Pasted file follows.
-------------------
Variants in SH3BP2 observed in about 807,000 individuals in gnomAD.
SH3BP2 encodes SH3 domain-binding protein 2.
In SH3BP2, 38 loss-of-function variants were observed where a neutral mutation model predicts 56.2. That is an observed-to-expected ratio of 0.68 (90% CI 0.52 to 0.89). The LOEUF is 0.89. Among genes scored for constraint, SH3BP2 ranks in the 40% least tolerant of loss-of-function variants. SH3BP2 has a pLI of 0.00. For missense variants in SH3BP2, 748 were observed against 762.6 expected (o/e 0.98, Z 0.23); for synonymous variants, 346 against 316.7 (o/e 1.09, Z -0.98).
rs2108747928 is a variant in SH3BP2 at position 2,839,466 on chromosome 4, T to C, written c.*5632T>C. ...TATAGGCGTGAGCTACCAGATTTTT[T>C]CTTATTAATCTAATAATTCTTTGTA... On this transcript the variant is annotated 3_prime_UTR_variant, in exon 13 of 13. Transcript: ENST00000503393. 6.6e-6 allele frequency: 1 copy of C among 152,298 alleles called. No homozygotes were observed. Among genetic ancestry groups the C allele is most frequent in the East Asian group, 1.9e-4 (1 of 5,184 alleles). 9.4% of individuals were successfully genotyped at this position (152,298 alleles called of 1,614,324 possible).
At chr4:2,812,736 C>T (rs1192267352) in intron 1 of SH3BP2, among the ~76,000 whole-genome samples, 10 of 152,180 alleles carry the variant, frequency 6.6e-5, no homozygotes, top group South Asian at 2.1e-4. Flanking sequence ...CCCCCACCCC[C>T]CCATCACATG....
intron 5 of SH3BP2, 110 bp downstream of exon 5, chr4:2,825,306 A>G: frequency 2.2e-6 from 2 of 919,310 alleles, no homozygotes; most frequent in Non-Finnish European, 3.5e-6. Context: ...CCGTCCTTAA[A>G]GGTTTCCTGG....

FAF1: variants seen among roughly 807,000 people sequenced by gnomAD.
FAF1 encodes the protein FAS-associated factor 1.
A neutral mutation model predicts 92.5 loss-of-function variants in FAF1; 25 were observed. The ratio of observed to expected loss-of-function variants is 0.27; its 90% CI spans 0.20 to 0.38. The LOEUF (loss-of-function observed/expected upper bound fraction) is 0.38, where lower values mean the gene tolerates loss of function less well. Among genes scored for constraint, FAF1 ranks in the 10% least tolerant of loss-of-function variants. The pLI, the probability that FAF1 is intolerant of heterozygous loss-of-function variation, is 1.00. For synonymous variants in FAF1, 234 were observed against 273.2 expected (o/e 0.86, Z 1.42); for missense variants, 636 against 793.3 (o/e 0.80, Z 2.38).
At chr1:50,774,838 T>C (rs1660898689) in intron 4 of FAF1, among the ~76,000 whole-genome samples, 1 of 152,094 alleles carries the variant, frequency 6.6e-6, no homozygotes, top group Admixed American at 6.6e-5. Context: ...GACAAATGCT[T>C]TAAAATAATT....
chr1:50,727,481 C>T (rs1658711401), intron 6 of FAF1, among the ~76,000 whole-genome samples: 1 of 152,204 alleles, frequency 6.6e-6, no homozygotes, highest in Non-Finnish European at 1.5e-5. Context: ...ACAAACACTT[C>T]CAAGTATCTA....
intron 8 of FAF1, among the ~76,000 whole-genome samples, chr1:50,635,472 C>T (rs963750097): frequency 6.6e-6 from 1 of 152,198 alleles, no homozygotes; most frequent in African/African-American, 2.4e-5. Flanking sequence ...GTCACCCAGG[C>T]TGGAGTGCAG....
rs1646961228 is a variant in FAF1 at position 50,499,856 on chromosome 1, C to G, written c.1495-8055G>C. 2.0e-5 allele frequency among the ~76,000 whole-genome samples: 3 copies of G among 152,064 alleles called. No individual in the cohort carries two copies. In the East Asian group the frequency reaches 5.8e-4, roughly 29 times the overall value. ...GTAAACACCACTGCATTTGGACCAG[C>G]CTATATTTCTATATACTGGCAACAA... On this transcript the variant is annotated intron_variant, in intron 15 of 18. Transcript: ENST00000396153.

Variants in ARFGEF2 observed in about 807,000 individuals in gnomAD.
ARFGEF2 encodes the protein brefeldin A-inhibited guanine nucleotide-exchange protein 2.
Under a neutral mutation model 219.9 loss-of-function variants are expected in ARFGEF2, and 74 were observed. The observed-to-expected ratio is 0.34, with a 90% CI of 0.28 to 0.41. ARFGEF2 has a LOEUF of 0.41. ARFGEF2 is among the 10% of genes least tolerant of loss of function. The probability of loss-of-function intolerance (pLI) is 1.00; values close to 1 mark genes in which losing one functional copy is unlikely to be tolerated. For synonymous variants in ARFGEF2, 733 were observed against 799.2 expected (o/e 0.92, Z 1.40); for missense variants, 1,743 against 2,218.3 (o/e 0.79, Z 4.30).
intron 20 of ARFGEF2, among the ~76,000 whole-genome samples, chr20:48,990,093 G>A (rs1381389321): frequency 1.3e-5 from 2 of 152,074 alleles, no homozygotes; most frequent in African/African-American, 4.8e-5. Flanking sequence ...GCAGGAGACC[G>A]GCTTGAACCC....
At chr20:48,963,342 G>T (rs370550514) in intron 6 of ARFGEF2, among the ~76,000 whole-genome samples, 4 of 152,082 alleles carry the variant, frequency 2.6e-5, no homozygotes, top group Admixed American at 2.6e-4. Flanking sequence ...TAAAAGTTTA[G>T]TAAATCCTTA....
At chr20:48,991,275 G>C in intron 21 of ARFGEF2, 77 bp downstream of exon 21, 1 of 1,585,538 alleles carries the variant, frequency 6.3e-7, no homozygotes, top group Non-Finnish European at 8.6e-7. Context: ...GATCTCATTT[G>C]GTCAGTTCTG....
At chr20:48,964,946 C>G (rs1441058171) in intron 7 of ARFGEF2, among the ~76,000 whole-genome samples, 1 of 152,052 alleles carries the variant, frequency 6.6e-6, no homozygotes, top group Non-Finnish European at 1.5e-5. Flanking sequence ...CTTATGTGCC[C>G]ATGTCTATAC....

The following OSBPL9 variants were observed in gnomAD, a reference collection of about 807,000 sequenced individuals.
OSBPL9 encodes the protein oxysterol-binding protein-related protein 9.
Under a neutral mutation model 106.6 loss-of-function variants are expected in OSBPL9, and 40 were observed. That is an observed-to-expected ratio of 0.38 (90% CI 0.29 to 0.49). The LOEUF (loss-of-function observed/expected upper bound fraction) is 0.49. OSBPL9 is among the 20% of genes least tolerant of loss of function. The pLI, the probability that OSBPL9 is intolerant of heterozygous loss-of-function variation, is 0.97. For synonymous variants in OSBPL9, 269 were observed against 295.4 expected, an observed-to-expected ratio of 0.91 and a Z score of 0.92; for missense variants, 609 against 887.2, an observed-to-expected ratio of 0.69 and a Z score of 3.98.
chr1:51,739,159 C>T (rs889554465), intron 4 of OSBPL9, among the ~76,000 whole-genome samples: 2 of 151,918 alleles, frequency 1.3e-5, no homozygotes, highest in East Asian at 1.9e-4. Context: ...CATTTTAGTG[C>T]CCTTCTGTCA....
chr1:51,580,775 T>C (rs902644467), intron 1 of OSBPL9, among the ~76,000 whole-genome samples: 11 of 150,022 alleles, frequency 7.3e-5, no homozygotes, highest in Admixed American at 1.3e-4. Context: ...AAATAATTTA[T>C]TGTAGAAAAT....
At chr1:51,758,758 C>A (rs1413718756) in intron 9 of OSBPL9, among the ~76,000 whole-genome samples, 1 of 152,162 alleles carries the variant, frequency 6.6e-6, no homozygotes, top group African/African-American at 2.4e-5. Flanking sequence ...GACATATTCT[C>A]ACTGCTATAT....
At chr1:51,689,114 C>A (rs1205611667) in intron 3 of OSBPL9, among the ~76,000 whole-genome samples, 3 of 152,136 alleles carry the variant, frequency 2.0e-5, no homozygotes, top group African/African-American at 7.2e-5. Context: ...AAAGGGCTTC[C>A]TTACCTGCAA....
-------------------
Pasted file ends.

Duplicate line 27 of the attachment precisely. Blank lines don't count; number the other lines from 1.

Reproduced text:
At chr1:51,689,114 C>A (rs1205611667) in intron 3 of OSBPL9, among the ~76,000 whole-genome samples, 3 of 152,136 alleles carry the variant, frequency 2.0e-5, no homozygotes, top group African/African-American at 7.2e-5. Context: ...AAAGGGCTTC[C>A]TTACCTGCAA....